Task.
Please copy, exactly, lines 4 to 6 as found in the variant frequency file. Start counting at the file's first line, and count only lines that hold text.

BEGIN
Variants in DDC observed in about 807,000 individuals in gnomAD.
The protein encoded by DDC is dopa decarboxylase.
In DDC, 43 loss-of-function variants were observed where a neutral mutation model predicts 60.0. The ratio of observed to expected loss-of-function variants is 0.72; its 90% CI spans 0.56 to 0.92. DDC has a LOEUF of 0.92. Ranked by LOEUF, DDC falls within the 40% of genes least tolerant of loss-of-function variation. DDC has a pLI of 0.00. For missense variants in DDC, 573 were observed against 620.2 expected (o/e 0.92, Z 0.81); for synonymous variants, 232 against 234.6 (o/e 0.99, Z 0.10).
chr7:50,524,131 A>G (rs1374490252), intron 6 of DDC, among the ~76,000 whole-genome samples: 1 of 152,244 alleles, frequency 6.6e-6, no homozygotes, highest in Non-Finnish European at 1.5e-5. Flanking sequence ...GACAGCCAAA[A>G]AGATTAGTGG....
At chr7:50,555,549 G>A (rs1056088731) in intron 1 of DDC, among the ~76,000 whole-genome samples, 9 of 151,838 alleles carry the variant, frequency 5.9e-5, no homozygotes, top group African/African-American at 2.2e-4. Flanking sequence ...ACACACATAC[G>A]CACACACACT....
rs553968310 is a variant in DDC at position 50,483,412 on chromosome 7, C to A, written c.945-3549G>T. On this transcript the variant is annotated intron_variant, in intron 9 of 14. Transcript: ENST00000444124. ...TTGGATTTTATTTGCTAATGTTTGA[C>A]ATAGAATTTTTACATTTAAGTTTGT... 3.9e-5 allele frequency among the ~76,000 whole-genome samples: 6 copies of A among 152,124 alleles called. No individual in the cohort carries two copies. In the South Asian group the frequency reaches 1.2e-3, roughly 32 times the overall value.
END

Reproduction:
chr7:50,524,131 A>G (rs1374490252), intron 6 of DDC, among the ~76,000 whole-genome samples: 1 of 152,244 alleles, frequency 6.6e-6, no homozygotes, highest in Non-Finnish European at 1.5e-5. Flanking sequence ...GACAGCCAAA[A>G]AGATTAGTGG....
At chr7:50,555,549 G>A (rs1056088731) in intron 1 of DDC, among the ~76,000 whole-genome samples, 9 of 151,838 alleles carry the variant, frequency 5.9e-5, no homozygotes, top group African/African-American at 2.2e-4. Flanking sequence ...ACACACATAC[G>A]CACACACACT....
rs553968310 is a variant in DDC at position 50,483,412 on chromosome 7, C to A, written c.945-3549G>T. On this transcript the variant is annotated intron_variant, in intron 9 of 14. Transcript: ENST00000444124. ...TTGGATTTTATTTGCTAATGTTTGA[C>A]ATAGAATTTTTACATTTAAGTTTGT... 3.9e-5 allele frequency among the ~76,000 whole-genome samples: 6 copies of A among 152,124 alleles called. No individual in the cohort carries two copies. In the South Asian group the frequency reaches 1.2e-3, roughly 32 times the overall value.